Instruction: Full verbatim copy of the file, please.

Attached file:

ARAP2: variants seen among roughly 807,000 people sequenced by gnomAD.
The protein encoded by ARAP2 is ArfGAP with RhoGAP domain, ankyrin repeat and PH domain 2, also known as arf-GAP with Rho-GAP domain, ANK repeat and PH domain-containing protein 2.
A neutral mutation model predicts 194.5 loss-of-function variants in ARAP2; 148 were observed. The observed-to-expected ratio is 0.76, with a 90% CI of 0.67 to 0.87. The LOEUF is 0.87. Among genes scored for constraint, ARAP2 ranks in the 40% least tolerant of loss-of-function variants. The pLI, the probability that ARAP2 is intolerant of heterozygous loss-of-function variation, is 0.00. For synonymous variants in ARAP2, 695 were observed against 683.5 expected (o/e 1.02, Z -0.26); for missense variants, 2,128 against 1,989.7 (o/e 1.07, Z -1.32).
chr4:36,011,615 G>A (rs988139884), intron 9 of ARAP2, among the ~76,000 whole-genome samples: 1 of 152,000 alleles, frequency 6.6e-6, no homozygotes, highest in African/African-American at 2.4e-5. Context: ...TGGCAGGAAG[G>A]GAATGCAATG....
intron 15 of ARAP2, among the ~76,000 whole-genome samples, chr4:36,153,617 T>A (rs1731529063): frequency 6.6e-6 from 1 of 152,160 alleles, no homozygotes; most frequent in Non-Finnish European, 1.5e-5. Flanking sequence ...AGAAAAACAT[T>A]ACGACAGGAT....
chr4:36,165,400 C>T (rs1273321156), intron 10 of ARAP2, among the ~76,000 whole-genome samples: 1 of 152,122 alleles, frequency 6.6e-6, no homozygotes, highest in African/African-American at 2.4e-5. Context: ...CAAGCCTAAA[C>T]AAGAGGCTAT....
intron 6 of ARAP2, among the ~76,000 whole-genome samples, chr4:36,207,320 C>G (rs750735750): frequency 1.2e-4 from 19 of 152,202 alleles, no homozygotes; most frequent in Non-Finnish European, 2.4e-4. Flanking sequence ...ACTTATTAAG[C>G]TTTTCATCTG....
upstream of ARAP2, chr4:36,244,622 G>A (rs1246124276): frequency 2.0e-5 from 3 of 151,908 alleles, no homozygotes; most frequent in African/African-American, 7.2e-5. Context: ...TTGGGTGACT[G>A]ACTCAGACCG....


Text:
ARAP2: variants seen among roughly 807,000 people sequenced by gnomAD.
The protein encoded by ARAP2 is ArfGAP with RhoGAP domain, ankyrin repeat and PH domain 2, also known as arf-GAP with Rho-GAP domain, ANK repeat and PH domain-containing protein 2.
A neutral mutation model predicts 194.5 loss-of-function variants in ARAP2; 148 were observed. The observed-to-expected ratio is 0.76, with a 90% CI of 0.67 to 0.87. The LOEUF is 0.87. Among genes scored for constraint, ARAP2 ranks in the 40% least tolerant of loss-of-function variants. The pLI, the probability that ARAP2 is intolerant of heterozygous loss-of-function variation, is 0.00. For synonymous variants in ARAP2, 695 were observed against 683.5 expected (o/e 1.02, Z -0.26); for missense variants, 2,128 against 1,989.7 (o/e 1.07, Z -1.32).
chr4:36,011,615 G>A (rs988139884), intron 9 of ARAP2, among the ~76,000 whole-genome samples: 1 of 152,000 alleles, frequency 6.6e-6, no homozygotes, highest in African/African-American at 2.4e-5. Context: ...TGGCAGGAAG[G>A]GAATGCAATG....
intron 15 of ARAP2, among the ~76,000 whole-genome samples, chr4:36,153,617 T>A (rs1731529063): frequency 6.6e-6 from 1 of 152,160 alleles, no homozygotes; most frequent in Non-Finnish European, 1.5e-5. Flanking sequence ...AGAAAAACAT[T>A]ACGACAGGAT....
chr4:36,165,400 C>T (rs1273321156), intron 10 of ARAP2, among the ~76,000 whole-genome samples: 1 of 152,122 alleles, frequency 6.6e-6, no homozygotes, highest in African/African-American at 2.4e-5. Context: ...CAAGCCTAAA[C>T]AAGAGGCTAT....
intron 6 of ARAP2, among the ~76,000 whole-genome samples, chr4:36,207,320 C>G (rs750735750): frequency 1.2e-4 from 19 of 152,202 alleles, no homozygotes; most frequent in Non-Finnish European, 2.4e-4. Flanking sequence ...ACTTATTAAG[C>G]TTTTCATCTG....
upstream of ARAP2, chr4:36,244,622 G>A (rs1246124276): frequency 2.0e-5 from 3 of 151,908 alleles, no homozygotes; most frequent in African/African-American, 7.2e-5. Context: ...TTGGGTGACT[G>A]ACTCAGACCG....